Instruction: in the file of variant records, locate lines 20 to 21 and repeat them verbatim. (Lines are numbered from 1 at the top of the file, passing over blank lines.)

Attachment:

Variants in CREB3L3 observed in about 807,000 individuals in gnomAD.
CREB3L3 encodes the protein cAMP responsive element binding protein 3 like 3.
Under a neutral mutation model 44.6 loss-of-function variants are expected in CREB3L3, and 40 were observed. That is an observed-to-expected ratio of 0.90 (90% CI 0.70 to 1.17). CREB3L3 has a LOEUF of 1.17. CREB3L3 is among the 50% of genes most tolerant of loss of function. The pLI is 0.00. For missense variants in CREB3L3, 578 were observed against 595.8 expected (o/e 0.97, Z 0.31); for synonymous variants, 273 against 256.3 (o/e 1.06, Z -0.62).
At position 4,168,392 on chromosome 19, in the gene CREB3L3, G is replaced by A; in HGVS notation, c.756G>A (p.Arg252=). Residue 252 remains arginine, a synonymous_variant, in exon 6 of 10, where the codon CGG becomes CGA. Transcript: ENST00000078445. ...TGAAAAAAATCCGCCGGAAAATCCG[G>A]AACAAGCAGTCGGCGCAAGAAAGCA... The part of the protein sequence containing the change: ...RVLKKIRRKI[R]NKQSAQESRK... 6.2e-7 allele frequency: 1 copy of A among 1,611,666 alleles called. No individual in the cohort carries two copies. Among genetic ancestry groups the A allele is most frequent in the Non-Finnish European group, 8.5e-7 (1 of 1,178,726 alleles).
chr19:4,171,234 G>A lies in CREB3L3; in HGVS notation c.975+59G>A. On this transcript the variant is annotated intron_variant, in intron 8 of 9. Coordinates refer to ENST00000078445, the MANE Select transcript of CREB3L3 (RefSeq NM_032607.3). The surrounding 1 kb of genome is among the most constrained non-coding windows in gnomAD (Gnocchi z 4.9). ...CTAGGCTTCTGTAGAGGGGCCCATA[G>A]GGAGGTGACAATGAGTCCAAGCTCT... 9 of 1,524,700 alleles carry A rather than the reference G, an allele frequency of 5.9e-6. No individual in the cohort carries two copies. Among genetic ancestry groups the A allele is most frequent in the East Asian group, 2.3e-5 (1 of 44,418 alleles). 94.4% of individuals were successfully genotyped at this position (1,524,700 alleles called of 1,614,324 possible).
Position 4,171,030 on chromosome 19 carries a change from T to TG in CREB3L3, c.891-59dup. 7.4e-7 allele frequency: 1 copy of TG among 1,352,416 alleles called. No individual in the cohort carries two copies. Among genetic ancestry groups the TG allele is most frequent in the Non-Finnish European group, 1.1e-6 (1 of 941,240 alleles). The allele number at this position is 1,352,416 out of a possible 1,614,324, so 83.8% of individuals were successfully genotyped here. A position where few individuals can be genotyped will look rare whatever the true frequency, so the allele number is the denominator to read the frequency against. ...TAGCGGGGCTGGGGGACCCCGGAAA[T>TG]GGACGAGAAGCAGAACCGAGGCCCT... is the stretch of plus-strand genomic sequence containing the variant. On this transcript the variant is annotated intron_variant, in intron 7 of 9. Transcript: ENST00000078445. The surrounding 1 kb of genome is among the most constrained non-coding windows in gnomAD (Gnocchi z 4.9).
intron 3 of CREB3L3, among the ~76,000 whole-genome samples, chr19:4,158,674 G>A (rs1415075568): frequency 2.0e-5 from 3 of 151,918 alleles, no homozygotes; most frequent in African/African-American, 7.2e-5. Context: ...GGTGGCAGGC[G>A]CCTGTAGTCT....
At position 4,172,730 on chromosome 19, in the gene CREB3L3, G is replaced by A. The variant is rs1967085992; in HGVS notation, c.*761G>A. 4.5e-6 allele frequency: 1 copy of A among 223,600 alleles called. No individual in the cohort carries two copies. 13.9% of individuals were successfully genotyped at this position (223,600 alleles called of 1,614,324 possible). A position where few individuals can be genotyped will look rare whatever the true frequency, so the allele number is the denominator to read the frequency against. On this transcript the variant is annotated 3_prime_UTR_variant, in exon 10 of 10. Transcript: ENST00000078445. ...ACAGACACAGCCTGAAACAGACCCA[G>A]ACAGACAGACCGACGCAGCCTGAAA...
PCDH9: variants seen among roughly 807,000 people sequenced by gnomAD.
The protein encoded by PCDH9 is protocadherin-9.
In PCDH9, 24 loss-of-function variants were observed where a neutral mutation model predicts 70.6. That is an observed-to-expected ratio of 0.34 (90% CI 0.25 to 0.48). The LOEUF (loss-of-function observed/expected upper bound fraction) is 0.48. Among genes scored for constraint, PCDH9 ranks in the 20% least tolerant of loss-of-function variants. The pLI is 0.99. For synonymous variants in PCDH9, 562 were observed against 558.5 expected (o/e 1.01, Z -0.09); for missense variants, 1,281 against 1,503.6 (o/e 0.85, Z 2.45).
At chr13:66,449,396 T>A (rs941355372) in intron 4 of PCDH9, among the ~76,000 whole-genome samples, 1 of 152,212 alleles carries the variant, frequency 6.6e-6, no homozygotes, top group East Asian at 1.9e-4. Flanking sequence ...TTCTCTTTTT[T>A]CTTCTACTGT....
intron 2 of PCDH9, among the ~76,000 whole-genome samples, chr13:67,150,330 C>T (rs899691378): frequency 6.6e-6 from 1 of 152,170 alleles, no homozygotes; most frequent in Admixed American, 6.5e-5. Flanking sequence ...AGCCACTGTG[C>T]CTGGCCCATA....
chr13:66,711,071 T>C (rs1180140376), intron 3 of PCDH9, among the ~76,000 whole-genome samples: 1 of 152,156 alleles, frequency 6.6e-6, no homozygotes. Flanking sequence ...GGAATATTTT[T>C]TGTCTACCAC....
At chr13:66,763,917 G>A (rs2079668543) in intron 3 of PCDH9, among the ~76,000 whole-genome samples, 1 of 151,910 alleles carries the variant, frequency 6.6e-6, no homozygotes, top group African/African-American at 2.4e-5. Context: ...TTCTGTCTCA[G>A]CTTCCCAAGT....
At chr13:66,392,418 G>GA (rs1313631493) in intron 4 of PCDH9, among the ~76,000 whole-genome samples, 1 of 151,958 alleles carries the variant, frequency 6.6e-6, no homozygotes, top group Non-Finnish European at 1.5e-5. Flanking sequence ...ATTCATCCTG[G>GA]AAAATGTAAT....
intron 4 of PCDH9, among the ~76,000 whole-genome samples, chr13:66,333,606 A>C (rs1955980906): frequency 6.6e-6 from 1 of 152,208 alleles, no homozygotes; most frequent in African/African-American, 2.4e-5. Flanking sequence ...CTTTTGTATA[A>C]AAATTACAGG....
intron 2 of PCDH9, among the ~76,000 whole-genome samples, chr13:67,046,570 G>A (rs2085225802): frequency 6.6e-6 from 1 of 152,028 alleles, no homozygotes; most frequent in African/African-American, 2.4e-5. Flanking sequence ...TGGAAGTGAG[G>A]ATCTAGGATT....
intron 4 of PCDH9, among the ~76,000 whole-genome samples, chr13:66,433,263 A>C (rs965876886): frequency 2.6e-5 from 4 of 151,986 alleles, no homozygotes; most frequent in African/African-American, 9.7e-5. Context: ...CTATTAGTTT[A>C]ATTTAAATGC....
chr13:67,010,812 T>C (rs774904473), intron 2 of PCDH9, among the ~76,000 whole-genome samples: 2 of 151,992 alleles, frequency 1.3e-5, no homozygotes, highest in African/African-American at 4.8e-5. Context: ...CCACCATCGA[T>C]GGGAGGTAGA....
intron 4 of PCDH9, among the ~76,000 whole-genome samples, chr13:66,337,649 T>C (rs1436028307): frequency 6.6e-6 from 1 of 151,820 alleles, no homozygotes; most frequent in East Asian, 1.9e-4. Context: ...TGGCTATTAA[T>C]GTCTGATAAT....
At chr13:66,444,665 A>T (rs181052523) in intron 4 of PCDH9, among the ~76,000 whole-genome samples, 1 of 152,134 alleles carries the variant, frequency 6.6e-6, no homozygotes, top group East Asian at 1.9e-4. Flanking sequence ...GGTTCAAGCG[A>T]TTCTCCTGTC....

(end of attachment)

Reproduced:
chr13:67,010,812 T>C (rs774904473), intron 2 of PCDH9, among the ~76,000 whole-genome samples: 2 of 151,992 alleles, frequency 1.3e-5, no homozygotes, highest in African/African-American at 4.8e-5. Context: ...CCACCATCGA[T>C]GGGAGGTAGA....
intron 4 of PCDH9, among the ~76,000 whole-genome samples, chr13:66,337,649 T>C (rs1436028307): frequency 6.6e-6 from 1 of 151,820 alleles, no homozygotes; most frequent in East Asian, 1.9e-4. Context: ...TGGCTATTAA[T>C]GTCTGATAAT....